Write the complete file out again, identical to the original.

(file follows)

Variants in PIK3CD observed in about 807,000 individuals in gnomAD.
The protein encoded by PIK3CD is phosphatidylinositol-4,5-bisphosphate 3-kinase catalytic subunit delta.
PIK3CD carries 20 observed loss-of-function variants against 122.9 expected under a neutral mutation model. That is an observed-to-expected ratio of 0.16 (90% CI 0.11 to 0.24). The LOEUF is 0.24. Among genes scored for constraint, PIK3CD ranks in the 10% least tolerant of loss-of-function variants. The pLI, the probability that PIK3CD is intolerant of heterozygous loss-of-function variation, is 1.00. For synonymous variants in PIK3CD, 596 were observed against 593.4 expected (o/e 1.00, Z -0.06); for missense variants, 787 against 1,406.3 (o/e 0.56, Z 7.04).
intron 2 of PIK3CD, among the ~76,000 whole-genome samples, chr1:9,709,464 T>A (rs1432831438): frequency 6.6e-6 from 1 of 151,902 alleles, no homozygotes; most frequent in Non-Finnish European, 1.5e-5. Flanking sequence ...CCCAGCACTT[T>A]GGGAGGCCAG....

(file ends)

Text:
Variants in PIK3CD observed in about 807,000 individuals in gnomAD.
The protein encoded by PIK3CD is phosphatidylinositol-4,5-bisphosphate 3-kinase catalytic subunit delta.
PIK3CD carries 20 observed loss-of-function variants against 122.9 expected under a neutral mutation model. That is an observed-to-expected ratio of 0.16 (90% CI 0.11 to 0.24). The LOEUF is 0.24. Among genes scored for constraint, PIK3CD ranks in the 10% least tolerant of loss-of-function variants. The pLI, the probability that PIK3CD is intolerant of heterozygous loss-of-function variation, is 1.00. For synonymous variants in PIK3CD, 596 were observed against 593.4 expected (o/e 1.00, Z -0.06); for missense variants, 787 against 1,406.3 (o/e 0.56, Z 7.04).
intron 2 of PIK3CD, among the ~76,000 whole-genome samples, chr1:9,709,464 T>A (rs1432831438): frequency 6.6e-6 from 1 of 151,902 alleles, no homozygotes; most frequent in Non-Finnish European, 1.5e-5. Flanking sequence ...CCCAGCACTT[T>A]GGGAGGCCAG....